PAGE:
Najib knew about transfer of 1MDB's ex-subsidiary SRC funds into his bank accounts, Malaysia prosecution says

Former Malaysian prime minister Najib Razak arriving at the High Court in Kuala Lumpur on Oct 16, 2019.
Former Malaysian prime minister Najib Razak arriving at the High Court in Kuala Lumpur on Oct 16, 2019.PHOTO: EPA-EFE

KUALA LUMPUR - When RM42 million (S$13.7 million) was deposited into two of ex-premier Najib Razak's bank accounts in 2015 from SRC International, a company then under state fund 1MDB, was he even aware of this?

And if he was, did he know the money was illegitimate?

These questions lie at the heart of Najib's trial in SRC International, as both the prosecution and defence laid out their submissions at the tail end of the case on Tuesday (Oct 22).

Malaysia's public prosecutor said Najib was complicit in the whole affair, as he did not lodge a police report even though he was said to be in "shock" at seeing the huge sum of money in the accounts.

Najib faces seven charges over the misappropriation of the RM42 million.

His defence lawyers, on the other hand, said the prosecution has failed to prove a prima facie case against him.

The court had from July 4 heard testimonies from 57 witnesses in the closely-watched SRC trial.

He faces another 25 charges, in a separate, ongoing trial, of receiving RM2.1 billion of 1MDB funds.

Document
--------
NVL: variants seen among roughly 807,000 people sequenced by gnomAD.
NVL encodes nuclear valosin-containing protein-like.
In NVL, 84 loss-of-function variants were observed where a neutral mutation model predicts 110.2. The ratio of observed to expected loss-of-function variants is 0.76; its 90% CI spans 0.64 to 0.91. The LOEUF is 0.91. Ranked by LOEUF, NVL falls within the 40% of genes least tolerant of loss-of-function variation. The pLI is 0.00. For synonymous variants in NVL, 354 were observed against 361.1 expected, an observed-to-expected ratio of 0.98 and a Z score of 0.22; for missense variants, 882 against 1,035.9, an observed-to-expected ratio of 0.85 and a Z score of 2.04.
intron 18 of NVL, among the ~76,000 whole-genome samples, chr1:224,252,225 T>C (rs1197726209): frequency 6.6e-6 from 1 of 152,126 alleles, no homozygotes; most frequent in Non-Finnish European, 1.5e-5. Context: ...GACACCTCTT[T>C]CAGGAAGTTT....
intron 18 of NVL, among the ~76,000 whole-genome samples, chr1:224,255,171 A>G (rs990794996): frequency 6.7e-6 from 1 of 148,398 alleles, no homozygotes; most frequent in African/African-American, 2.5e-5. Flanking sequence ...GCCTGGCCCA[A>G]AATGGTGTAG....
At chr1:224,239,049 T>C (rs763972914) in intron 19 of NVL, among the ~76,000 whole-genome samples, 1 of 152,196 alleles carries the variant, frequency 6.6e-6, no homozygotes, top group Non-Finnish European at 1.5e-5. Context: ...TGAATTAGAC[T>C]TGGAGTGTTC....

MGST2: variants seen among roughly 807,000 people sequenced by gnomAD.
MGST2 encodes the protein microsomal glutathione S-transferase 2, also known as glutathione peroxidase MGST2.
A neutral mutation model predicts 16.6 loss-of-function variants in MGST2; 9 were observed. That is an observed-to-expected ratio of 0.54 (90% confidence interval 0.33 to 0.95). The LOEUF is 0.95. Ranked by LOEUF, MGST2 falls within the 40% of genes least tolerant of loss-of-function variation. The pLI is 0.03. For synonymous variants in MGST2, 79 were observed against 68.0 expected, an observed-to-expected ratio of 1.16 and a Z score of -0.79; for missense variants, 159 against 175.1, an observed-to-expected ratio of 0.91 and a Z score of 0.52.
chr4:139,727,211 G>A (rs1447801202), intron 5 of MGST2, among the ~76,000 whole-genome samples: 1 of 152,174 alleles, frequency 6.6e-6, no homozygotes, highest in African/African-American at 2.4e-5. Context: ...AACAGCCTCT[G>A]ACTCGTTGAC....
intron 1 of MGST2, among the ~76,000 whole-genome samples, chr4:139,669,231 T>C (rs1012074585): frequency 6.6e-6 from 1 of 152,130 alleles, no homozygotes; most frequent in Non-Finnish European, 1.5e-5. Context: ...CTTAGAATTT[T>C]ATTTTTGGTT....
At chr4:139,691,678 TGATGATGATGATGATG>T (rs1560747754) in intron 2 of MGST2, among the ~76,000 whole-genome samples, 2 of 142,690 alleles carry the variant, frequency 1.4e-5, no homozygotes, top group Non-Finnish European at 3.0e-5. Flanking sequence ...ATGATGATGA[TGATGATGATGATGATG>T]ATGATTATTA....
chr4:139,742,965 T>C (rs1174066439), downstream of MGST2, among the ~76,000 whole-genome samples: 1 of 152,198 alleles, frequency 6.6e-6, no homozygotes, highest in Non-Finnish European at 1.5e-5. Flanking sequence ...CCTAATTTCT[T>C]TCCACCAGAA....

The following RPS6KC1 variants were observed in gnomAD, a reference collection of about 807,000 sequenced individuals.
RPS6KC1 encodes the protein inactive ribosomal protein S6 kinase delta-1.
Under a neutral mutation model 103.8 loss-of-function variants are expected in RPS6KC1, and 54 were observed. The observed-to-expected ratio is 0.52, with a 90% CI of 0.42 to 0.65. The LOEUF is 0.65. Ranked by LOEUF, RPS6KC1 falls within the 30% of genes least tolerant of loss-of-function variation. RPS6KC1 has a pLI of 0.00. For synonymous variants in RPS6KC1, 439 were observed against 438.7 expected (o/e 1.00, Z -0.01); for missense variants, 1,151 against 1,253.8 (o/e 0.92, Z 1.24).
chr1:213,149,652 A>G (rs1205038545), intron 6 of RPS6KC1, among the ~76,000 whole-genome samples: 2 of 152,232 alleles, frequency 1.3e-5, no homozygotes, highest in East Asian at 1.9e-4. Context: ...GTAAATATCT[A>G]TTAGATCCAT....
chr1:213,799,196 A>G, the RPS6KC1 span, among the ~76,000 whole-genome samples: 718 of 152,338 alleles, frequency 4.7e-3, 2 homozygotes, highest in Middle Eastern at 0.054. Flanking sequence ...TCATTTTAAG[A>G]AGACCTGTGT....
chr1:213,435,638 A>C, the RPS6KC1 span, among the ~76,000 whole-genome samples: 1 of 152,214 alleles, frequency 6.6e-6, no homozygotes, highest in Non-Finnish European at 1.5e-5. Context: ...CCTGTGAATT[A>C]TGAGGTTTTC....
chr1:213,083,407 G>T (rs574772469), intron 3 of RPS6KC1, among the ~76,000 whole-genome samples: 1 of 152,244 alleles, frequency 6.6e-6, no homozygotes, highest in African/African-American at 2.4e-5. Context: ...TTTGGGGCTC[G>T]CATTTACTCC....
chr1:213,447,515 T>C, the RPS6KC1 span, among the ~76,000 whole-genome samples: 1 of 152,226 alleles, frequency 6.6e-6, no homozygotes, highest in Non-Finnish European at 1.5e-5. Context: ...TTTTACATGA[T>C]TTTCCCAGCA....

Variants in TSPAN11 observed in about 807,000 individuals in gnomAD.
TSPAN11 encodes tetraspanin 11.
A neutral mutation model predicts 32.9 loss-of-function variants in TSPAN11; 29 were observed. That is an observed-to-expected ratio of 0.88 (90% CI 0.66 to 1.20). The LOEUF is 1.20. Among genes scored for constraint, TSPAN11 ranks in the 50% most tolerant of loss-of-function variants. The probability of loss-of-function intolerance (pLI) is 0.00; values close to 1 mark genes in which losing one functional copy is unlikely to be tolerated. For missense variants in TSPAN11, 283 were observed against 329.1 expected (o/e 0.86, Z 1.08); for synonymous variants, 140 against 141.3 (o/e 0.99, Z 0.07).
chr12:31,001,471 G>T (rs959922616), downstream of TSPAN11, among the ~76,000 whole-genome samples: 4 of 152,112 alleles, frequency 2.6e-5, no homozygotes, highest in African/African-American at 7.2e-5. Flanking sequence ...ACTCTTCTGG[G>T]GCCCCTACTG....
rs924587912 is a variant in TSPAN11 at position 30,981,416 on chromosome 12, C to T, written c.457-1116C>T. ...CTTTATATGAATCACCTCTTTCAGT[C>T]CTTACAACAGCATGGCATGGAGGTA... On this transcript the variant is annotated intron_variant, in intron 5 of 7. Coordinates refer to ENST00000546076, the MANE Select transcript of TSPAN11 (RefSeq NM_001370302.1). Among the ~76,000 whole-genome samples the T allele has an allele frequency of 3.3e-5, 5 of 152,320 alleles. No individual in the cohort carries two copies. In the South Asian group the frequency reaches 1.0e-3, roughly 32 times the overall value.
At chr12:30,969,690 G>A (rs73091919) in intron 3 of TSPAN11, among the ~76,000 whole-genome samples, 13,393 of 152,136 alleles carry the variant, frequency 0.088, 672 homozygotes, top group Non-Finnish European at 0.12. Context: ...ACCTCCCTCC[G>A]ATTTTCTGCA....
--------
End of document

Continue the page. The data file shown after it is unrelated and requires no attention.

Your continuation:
"The accused did not lodge any police report or write to the bank to enquire/question why these unauthorised funds came into his accounts," Public Prosecutor and Attorney-General Tommy Thomas said in written submissions nearly 300 pages long on Tuesday, at the end of the prosecution case.

 
 
 
 

"He did not commence any legal action against the bank which has now led to him being charged with criminal offences," Tan Sri Thomas said.

The prosecutor said: "The accused's expression of shock and being upset was pure 'drama'. By his conduct, the accused has proved that he has committed CBT (criminal breach of trust)."

But Najib's defence counsel Harvinderjit Singh argued otherwise.

"The bulk of evidence in fact leads to reasonable inferences that the transactions involving the RM42 million were carried out without Najib's knowledge and involvement and the impetus and purpose was unconnected to any act by Najib."

SRC, described as "a two-dollar company" by the prosecution as it was formed with a paid up capital of RM2, had received RM4 billion from the civil servant pension fund KWAP in loans guaranteed by the Finance Ministry, the court heard. Najib was both prime minister and finance minister at the time.

The prosecution had detailed over the course of the trial how the money was used for private spending, including the purchase of designer items, luxury jewelry, and hotel stays.

The submissions will continue on Wednesday.

The trial will resume from Dec 3 to 19 if Najib is ordered to enter his defence. The High Court will deliver a decision on Nov 11.